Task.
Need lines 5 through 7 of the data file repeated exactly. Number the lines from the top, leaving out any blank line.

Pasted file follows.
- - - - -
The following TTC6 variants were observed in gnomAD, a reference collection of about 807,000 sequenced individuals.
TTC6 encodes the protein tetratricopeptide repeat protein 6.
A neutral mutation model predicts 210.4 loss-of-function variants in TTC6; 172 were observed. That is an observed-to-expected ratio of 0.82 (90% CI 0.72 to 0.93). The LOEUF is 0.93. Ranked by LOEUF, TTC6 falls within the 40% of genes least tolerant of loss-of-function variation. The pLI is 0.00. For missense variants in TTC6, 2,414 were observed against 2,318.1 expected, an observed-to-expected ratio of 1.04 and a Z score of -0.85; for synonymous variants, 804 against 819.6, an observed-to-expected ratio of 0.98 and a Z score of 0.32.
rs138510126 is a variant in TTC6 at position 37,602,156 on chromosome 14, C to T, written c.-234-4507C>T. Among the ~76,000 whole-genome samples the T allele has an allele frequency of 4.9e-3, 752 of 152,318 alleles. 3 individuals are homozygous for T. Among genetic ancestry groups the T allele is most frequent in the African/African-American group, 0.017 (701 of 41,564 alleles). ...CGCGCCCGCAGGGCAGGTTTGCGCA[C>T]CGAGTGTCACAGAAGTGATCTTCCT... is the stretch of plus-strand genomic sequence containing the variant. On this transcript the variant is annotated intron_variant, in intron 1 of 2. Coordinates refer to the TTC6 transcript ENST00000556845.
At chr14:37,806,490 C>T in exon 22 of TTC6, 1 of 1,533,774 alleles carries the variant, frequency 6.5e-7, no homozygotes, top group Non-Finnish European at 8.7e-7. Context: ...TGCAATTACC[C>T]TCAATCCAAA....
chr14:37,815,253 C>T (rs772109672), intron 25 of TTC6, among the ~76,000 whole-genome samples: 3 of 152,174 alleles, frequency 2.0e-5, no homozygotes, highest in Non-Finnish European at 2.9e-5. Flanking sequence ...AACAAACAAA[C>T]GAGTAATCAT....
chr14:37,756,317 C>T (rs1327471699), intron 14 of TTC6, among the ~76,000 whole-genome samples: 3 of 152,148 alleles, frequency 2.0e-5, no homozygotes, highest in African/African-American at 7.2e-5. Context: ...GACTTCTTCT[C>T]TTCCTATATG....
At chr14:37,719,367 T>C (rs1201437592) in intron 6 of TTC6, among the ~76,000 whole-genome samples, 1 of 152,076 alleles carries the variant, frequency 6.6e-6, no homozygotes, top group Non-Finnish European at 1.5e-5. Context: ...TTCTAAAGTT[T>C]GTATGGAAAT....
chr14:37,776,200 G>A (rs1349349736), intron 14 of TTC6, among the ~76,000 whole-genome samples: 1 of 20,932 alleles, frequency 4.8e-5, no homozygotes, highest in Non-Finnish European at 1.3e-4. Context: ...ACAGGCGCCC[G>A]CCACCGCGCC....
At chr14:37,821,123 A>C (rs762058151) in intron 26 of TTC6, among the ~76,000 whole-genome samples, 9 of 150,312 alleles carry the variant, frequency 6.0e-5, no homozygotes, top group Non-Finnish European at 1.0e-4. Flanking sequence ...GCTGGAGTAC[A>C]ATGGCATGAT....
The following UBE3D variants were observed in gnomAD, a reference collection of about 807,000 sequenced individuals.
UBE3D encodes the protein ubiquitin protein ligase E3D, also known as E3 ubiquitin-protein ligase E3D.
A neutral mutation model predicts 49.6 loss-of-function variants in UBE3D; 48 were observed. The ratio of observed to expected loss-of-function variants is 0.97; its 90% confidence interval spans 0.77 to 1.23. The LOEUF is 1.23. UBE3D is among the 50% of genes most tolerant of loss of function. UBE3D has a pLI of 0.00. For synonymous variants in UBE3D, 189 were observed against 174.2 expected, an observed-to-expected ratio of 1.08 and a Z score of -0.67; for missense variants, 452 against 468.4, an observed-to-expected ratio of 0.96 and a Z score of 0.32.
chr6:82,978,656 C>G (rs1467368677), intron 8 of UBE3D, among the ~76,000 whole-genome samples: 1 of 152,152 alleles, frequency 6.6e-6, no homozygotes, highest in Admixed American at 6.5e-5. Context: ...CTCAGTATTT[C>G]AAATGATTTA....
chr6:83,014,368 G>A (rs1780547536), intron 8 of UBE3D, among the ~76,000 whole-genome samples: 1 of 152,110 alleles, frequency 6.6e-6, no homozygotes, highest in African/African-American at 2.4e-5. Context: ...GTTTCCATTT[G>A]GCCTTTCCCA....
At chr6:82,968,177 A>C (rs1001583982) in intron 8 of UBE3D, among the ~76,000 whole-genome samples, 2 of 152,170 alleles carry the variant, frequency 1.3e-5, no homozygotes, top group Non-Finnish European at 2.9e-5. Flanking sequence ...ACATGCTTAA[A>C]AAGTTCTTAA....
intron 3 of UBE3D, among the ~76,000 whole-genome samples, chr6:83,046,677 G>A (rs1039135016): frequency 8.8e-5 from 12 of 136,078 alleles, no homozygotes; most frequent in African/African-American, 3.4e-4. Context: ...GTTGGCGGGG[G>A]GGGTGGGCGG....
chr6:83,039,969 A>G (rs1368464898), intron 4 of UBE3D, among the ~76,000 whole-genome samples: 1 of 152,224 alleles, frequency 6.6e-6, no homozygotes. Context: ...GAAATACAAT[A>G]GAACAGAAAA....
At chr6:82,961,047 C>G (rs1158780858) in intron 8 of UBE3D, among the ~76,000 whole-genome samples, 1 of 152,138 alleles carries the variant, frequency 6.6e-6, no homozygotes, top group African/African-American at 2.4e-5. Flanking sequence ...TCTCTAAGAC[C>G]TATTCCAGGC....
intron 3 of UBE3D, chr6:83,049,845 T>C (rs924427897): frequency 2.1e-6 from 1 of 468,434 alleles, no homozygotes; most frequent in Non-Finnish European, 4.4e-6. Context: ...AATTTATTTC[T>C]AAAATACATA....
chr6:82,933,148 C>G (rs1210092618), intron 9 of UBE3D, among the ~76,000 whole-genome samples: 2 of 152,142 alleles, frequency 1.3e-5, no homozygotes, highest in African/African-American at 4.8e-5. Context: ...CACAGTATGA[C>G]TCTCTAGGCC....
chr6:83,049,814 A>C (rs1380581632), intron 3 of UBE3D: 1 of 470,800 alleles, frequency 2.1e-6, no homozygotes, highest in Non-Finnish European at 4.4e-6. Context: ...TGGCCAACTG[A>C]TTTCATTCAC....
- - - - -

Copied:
At chr14:37,806,490 C>T in exon 22 of TTC6, 1 of 1,533,774 alleles carries the variant, frequency 6.5e-7, no homozygotes, top group Non-Finnish European at 8.7e-7. Context: ...TGCAATTACC[C>T]TCAATCCAAA....
chr14:37,815,253 C>T (rs772109672), intron 25 of TTC6, among the ~76,000 whole-genome samples: 3 of 152,174 alleles, frequency 2.0e-5, no homozygotes, highest in Non-Finnish European at 2.9e-5. Flanking sequence ...AACAAACAAA[C>T]GAGTAATCAT....
chr14:37,756,317 C>T (rs1327471699), intron 14 of TTC6, among the ~76,000 whole-genome samples: 3 of 152,148 alleles, frequency 2.0e-5, no homozygotes, highest in African/African-American at 7.2e-5. Context: ...GACTTCTTCT[C>T]TTCCTATATG....